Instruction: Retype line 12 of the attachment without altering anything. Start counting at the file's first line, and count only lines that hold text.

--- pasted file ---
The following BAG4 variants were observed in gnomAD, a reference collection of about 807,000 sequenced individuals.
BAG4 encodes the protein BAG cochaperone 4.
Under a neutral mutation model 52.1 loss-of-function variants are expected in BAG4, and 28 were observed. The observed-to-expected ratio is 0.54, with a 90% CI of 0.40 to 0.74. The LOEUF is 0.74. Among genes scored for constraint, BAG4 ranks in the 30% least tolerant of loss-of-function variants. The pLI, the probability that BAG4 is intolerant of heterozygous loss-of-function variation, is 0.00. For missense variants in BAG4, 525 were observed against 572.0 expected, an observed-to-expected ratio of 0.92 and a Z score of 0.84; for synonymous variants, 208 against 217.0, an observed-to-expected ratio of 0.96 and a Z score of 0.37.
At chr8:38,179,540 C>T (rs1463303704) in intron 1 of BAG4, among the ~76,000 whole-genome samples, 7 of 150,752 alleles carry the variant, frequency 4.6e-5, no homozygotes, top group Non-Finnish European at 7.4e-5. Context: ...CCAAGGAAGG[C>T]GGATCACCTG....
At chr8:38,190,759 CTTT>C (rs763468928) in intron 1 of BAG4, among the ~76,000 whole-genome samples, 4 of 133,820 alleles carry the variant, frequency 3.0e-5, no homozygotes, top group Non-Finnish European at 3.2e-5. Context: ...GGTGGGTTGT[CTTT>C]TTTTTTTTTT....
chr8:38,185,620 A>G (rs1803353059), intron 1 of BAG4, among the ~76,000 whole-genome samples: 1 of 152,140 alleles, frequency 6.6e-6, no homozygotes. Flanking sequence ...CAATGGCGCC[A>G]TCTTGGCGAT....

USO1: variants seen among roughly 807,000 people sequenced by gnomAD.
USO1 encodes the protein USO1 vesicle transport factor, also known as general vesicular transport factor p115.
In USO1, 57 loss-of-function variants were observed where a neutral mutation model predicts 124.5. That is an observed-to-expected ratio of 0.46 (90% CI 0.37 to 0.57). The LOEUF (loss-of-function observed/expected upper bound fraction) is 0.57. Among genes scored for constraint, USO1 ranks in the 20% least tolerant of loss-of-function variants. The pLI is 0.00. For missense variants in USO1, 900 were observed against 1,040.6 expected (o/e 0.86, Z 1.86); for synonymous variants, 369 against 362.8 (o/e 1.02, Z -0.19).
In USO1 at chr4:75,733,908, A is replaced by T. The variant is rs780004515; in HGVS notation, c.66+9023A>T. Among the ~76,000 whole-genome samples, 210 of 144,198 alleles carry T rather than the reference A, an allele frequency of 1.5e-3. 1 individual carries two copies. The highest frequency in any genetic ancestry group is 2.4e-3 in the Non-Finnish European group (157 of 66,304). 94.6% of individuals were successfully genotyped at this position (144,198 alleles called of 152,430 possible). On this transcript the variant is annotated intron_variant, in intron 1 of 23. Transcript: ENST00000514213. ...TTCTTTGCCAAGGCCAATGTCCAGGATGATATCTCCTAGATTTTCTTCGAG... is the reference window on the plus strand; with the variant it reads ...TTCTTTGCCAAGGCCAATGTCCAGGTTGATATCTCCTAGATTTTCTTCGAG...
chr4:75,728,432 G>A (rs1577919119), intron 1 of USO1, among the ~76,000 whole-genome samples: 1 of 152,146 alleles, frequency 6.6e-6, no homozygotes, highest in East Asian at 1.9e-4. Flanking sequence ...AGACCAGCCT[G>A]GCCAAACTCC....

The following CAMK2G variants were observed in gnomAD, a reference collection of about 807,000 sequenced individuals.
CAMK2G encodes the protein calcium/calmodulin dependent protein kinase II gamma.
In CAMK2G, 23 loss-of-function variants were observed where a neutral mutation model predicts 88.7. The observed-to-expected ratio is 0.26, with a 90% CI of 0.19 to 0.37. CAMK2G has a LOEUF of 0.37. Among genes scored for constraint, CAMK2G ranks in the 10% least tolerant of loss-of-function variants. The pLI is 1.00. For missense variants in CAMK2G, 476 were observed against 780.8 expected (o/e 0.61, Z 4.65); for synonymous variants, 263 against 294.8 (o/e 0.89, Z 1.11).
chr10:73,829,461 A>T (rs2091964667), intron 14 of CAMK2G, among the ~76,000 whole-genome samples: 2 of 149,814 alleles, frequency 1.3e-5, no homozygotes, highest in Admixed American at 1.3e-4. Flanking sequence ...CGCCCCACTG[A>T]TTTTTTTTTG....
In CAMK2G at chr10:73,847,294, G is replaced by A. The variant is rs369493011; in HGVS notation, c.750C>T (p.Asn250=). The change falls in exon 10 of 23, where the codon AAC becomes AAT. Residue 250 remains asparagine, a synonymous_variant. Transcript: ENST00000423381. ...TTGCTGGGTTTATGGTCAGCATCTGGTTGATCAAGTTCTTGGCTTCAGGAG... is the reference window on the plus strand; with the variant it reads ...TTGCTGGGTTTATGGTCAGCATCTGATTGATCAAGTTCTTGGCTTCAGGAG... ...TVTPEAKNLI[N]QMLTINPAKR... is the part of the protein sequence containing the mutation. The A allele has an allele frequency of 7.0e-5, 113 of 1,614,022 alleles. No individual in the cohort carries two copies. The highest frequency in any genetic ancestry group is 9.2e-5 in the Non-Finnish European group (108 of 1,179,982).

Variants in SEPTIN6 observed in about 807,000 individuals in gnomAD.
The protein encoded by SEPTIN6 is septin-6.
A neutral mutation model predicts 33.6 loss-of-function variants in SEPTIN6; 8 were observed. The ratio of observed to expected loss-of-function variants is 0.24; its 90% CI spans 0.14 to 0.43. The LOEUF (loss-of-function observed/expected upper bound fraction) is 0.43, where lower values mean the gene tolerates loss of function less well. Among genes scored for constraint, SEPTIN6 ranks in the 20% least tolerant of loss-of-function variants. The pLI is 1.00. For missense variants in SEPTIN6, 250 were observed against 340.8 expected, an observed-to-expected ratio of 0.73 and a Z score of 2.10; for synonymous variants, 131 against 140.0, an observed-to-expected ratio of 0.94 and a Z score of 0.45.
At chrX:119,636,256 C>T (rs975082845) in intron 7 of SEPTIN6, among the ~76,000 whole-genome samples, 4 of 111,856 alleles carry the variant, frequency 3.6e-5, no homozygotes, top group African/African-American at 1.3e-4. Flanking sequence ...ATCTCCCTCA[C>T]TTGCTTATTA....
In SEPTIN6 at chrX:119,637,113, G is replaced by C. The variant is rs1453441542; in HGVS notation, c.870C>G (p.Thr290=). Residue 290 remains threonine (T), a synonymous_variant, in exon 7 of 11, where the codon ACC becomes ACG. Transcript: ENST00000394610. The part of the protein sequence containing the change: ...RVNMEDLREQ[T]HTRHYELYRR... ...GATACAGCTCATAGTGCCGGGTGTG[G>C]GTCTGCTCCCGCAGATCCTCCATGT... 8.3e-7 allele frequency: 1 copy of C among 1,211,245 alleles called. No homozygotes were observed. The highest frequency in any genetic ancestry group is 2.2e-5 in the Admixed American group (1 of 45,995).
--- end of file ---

The following CAMK2G variants were observed in gnomAD, a reference collection of about 807,000 sequenced individuals.